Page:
ABA Journal

COVID-19

910 ABA Journal COVID-19 articles.

Why haven’t I received my latest issue of the ABA Journal yet?

The December 2021-January 2022 print edition of the ABA Journal normally would have already started appearing in ABA members' mailboxes. Now, though, you shouldn't expect it to arrive for a couple of more weeks.

State of the Profession 2021: BigLaw proved to be most resilient to COVID-19

Fears that COVID-19 would cause a prolonged financial blow to the legal industry did not come to fruition. Instead, many firms were able to quickly and effectively transition to remote working, which left them in position to assist with an array of COVID-19-related legal issues. But the industry’s successful transition to widespread remote working has not come without drawbacks.

ABA observers will share their takeaways from the UN climate change conference in Glasgow

Next week, ABA members who attended and observed COP26 in Glasgow, Scotland, will share their takeaways from the annual summit and ideas for how others can get involved.

America’s fights over medical treatment choices didn’t start with COVID-19 and ivermectin

Like the legal profession, the practice of medicine in the United States is highly regulated. But it hasn't always been, and the idea that a person has the right to try the medical therapies of their choice has a much longer history. In Choose Your Medicine: Freedom of Therapeutic Choice in America, law professor Lewis A. Grossman introduces readers to a fractious history with some unexpected combatants—and comrades.

Weekly Briefs: New charges against lawyer accused of staging his shooting; Christian florist settles

Suspended lawyer Alex Murdaugh faces new charges

Suspended South Carolina lawyer Alex Murdaugh, previously charged in an alleged scheme to have himself killed for insurance money, is facing 27…

NRA’s lawsuit claims over closed gun stores are moot, 2nd Circuit rules

A federal appeals court has ruled that the National Rifle Association can’t obtain an injunction or damages for its members in a lawsuit over the closing of New York gun stores during the COVID-19 pandemic.

6th Circuit picked to consider 34 challenges to vaccine mandate; these plaintiffs filed initial suits there

The 6th U.S. Circuit Court of Appeals at Cincinnati was picked in a court lottery Tuesday to hear 34 consolidated challenges to the Biden administration’s vaccine mandate for larger employers.

Are remote learning and burnout to blame for declining bar pass rates?

Bar exam pass rates dropped in July 2021, and some fear another decrease for 2022 graduates nationally because most candidates will have experienced at least half their legal education during the pandemic. Related problems mentioned by academics include getting used to online learning, isolation, anxiety and exhaustion.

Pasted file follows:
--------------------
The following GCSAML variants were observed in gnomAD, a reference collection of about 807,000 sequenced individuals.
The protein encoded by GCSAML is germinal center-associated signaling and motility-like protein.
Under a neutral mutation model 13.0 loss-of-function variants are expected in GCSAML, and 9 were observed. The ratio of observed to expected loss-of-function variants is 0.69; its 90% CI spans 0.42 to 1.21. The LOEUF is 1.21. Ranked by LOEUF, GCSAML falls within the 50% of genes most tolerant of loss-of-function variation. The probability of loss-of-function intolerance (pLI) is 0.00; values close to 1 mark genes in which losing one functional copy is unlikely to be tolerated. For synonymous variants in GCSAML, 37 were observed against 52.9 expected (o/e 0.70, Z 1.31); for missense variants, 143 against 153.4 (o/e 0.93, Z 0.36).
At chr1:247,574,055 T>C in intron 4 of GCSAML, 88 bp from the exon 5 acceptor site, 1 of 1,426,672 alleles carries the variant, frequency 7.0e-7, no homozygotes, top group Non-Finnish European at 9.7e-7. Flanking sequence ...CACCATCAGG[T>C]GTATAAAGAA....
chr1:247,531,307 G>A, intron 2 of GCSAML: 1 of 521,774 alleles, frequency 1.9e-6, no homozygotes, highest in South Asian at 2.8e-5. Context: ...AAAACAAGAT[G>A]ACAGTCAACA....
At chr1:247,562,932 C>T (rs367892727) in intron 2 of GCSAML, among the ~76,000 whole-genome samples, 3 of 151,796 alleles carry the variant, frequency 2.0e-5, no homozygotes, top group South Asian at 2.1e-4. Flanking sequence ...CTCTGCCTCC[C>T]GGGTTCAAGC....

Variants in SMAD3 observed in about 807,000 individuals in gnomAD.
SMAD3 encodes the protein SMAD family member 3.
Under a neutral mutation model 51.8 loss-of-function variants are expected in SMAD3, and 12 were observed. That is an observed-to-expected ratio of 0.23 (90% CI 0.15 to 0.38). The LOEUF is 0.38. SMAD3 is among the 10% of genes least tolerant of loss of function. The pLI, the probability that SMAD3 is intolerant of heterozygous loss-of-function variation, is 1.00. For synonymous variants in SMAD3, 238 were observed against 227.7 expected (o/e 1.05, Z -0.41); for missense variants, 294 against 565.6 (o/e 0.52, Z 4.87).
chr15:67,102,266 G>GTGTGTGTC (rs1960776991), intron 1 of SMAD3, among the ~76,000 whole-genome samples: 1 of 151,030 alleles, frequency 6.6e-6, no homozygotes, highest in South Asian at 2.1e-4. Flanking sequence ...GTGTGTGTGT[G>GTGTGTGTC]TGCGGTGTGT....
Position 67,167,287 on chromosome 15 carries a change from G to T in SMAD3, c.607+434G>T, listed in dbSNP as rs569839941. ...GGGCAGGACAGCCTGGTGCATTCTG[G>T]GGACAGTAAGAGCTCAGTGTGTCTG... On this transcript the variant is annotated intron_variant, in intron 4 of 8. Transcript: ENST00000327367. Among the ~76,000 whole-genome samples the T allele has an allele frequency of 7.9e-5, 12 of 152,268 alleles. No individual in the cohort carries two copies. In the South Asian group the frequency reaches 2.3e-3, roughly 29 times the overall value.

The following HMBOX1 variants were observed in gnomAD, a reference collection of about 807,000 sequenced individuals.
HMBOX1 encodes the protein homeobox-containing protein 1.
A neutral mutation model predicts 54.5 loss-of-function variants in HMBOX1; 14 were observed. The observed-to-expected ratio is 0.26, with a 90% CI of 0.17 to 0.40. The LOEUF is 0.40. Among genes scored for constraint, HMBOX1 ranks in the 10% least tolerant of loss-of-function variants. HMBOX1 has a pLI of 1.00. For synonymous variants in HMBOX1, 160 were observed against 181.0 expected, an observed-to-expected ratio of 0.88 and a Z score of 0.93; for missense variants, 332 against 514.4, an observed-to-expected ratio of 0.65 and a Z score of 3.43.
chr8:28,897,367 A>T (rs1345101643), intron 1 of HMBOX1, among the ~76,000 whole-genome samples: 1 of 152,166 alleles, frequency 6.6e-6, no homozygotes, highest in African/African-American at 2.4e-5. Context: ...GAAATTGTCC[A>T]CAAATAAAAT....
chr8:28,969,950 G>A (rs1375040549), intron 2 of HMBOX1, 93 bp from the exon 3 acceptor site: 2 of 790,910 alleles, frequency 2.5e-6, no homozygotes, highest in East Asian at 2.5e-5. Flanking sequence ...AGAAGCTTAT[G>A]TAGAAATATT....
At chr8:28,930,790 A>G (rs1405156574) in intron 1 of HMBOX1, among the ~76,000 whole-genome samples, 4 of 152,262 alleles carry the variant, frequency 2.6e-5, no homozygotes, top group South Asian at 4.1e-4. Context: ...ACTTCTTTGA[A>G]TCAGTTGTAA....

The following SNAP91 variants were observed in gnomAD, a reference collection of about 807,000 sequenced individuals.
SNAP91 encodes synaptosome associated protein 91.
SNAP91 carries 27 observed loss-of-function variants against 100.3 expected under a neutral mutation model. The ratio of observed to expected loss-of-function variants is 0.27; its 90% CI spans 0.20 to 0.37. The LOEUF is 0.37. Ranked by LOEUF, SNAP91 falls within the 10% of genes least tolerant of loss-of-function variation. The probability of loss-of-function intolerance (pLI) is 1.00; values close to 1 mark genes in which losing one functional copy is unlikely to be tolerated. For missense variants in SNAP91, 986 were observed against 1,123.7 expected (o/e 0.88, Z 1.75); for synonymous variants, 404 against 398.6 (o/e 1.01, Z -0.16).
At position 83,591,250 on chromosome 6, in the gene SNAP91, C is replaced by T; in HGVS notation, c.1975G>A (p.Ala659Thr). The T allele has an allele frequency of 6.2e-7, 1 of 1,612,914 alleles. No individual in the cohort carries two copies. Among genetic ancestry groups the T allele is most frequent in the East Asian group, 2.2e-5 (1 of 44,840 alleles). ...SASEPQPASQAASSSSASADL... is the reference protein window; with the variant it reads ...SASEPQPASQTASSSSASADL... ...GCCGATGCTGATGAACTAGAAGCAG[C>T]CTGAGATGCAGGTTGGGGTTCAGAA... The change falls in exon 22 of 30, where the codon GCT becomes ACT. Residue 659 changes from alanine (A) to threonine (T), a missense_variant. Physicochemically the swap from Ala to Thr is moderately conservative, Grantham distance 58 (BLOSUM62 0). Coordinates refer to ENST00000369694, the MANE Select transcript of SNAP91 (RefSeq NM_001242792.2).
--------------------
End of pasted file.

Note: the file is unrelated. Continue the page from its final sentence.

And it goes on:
Do face coverings help or hinder defendants?

Before her fall from grace, Elizabeth Holmes’ ability to court and charm establishment luminaries fueled her meteoric rise as head of Silicon Valley blood-testing company Theranos. In her ongoing criminal fraud trial, she might be hoping she can work the same magic on jurors. But could wearing a mask weaken her defense and make her less likable in the eyes of the jury?

Court lottery will determine which federal appeals court hears vaccine challenges

A lottery is expected to happen this week to determine which federal appeals court will hear legal challenges to the Biden administration’s vaccine mandate for larger employers.

5th Circuit temporarily stays OSHA’s vaccine mandate for larger employers

The 5th U.S. Circuit Court of Appeals at New Orleans on Saturday granted an emergency motion to stay the federal government’s vaccine mandate for larger employers pending expedited judicial review.

Weekly Briefs: ‘Copyright troll’ lawyer is suspended; law grad who married Japanese princess fails bar

‘Copyright troll’ lawyer is suspended in NY

A New York appeals court has suspended a lawyer once deemed a “copyright troll” because of the large number of

Supreme Court allows vaccine mandate for health workers that didn’t offer religious exemption

Maine’s vaccine mandate for health care workers, which doesn’t allow religious exemptions, is being enforced after the U.S. Supreme Court refused to intervene Friday.

Pro bono work increased during the COVID-19 pandemic, reports show

As the National Celebration of Pro Bono comes to an end, several legal aid organizations are reporting that pro bono work actually increased during the COVID-19 pandemic as more remote volunteering opportunities became available.

New York sees decrease in pass rate for July bar exam

The overall pass rate for the July bar exam in New York is 63%, the New York State Board of Law Examiners announced Oct. 28.

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